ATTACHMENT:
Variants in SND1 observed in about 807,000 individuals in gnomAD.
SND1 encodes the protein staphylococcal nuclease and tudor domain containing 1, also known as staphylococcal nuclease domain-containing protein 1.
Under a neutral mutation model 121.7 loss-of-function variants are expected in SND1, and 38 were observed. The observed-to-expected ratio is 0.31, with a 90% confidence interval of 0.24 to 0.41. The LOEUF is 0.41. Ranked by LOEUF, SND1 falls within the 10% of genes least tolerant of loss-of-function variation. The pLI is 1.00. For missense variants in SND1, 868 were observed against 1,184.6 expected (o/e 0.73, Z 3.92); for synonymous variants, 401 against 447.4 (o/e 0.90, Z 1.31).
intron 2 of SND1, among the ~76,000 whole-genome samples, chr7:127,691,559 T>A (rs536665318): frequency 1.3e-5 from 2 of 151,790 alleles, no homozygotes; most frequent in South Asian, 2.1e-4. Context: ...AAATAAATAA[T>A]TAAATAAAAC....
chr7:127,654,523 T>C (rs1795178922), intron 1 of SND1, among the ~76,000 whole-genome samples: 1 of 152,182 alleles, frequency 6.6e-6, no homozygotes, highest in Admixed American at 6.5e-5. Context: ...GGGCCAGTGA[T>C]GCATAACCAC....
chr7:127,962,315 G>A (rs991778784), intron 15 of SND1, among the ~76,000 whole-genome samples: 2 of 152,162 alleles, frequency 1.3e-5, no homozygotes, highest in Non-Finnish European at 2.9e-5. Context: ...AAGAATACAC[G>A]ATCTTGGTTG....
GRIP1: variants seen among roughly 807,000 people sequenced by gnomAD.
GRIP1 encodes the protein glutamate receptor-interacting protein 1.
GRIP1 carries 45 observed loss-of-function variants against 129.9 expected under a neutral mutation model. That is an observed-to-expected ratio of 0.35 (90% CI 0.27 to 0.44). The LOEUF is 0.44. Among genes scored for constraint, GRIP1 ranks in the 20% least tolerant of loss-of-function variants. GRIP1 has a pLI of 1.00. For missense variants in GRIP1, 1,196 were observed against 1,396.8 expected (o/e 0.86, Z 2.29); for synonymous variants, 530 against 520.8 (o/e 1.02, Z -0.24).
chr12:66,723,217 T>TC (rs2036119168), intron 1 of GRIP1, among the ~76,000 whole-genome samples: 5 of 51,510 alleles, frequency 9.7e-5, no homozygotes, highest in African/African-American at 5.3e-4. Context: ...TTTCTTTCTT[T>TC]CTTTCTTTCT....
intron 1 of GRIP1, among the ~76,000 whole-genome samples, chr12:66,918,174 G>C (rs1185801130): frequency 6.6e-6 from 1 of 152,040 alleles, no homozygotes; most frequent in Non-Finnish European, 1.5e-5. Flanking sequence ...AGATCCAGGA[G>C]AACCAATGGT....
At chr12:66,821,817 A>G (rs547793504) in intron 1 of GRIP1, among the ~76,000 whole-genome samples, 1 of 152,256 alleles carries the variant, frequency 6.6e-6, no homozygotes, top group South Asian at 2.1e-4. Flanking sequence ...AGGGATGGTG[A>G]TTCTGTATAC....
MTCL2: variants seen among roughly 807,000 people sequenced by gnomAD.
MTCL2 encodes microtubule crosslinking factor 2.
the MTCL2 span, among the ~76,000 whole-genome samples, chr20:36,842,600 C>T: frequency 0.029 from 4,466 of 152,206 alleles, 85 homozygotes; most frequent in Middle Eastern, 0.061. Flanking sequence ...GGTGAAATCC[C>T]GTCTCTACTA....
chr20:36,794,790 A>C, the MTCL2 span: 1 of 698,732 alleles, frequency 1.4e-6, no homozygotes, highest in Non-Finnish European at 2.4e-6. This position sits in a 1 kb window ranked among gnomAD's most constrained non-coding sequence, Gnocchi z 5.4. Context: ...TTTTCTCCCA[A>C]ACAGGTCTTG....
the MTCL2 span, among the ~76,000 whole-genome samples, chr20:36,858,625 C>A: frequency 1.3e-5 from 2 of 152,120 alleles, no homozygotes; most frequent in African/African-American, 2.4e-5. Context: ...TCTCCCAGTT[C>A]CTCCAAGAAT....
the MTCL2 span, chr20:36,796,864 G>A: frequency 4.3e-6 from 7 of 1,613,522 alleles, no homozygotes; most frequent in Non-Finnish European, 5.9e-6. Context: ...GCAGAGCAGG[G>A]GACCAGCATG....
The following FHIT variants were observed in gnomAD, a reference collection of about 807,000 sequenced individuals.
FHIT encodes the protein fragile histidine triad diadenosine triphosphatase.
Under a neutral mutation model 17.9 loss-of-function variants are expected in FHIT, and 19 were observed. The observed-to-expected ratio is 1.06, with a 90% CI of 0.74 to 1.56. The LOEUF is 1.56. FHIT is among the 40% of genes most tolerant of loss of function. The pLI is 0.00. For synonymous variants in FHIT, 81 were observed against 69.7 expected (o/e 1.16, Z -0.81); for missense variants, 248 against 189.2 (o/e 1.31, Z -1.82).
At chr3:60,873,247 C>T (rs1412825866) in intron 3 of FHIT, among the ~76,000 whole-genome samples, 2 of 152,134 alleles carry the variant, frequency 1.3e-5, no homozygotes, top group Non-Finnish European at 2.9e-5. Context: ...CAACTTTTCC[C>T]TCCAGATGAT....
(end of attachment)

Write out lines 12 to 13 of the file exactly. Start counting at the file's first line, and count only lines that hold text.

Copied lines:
At chr12:66,821,817 A>G (rs547793504) in intron 1 of GRIP1, among the ~76,000 whole-genome samples, 1 of 152,256 alleles carries the variant, frequency 6.6e-6, no homozygotes, top group South Asian at 2.1e-4. Flanking sequence ...AGGGATGGTG[A>G]TTCTGTATAC....
MTCL2: variants seen among roughly 807,000 people sequenced by gnomAD.